Marketing Director

Marketing directors do just that — direct. They plan and oversee the marketing strategies of an entire organization or business. They are responsible for overseeing and leading staff, business planning and advertising budget development. In larger companies, marketing directors typically supervise the work of marketing managers. Successful marketing directors stay up to date on market changes and adjust strategies accordingly.

This position is among the highest paying communication jobs, with a median salary of about $90,000 according to PayScale data, because the leadership and activities of a marketing director are central to a company’s mission and success. If you have the ability to track multiple projects and campaigns simultaneously, then this might be an ideal position to aspire to.

Publications Editor

For communication students interested in media and journalism, a career as a publications editor could be the perfect fit. Responsible for developing story and content ideas, publication editors also review, rewrite and edit the work of writers, as well as supervise and coordinate work for reporters and other editors. If working for a news organization such as The New York Times or handling publications for a prominent research facility sounds like your dream job, a communication management degree can help prepare you to work in this field. With a median annual salary of around $63,400 in 2020, according to the BLS, this occupation offers a unique opportunity to explore and write about your personal interests.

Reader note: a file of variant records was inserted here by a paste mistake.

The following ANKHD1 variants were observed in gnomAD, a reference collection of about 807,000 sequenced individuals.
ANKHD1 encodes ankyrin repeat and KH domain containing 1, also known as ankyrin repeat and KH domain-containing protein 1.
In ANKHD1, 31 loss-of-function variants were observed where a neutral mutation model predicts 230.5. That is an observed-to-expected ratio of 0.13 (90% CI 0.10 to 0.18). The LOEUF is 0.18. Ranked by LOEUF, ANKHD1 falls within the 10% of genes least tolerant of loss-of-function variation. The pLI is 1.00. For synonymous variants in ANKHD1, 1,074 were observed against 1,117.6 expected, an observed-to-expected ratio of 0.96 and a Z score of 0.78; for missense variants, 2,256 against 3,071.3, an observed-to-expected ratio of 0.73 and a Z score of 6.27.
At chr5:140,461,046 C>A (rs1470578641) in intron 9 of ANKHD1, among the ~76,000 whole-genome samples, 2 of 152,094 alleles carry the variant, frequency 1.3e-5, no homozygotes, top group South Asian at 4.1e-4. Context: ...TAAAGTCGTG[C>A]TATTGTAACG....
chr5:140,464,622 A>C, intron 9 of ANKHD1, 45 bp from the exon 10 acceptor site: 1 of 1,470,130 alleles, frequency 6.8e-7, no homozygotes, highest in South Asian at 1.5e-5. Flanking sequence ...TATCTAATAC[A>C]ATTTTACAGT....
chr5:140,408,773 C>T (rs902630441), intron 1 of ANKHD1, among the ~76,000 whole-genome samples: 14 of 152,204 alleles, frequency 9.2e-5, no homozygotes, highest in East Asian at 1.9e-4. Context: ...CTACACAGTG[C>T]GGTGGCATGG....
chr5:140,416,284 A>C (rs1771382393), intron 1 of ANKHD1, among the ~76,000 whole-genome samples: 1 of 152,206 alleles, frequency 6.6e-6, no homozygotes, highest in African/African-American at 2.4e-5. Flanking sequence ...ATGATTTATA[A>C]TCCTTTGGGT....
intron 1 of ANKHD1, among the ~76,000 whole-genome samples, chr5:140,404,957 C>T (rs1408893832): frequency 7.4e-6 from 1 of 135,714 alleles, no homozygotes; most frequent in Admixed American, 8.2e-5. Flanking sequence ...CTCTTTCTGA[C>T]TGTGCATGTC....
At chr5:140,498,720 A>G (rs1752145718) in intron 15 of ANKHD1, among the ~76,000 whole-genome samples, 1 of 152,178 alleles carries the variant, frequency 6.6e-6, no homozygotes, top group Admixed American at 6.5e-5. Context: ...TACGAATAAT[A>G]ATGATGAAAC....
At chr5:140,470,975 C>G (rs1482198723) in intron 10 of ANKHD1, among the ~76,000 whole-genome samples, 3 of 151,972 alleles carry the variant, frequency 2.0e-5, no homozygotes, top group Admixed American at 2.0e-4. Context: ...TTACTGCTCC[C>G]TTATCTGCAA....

Content Producer

In today’s digital world, textual information presented online about a company or individual needs to be engaging, well written and relevant. Because of this, many people who pursue a Master of Communication Management degree online explore roles where they can manage and produce content for clients. Typical positions include content writer and search engine optimization (SEO) specialist.
From a digital marketing perspective, SEO and shareable content are some of the most important drivers of business growth. Content writers may also pitch ideas and create content related to public relations, marketing and advertising. All information shared should be compelling, persuasive and optimized for the algorithms used in search engines. Content producers earn a median annual salary of approximately $44,000 according to PayScale, and the position could be a great stepping-stone to advance to content management or more senior editorial roles.

Social Media Manager

Traditional marketing has changed greatly in recent years as social media has charged to the forefront of communication. Social media managers are in high demand, and qualified candidates are valued for their abilities to identify which markets to target and how to best reach them. They are responsible for developing and executing social media strategies and assisting employees with effective social media integration. Social media managers earn a median annual salary of around $52,000, according to PayScale. Whether you build strategies that take advantage of tweeting algorithms, or manage social media for a primary care physician, a communication degree can give you the necessary skills for success.

Employment Recruiter

Do you have a knack for seeing what others bring to the table? If so, becoming an employment recruiter could be the job for you. A communication degree lays the groundwork for the profession’s essential skills, including writing and placing ads for open positions, as well as sourcing applicants, screening them, and interviewing them to ascertain their fit for available positions. With a median salary of $52,000, according to PayScale, an employment recruiter plays a central role in the success of companies and organizations.

Private Investigator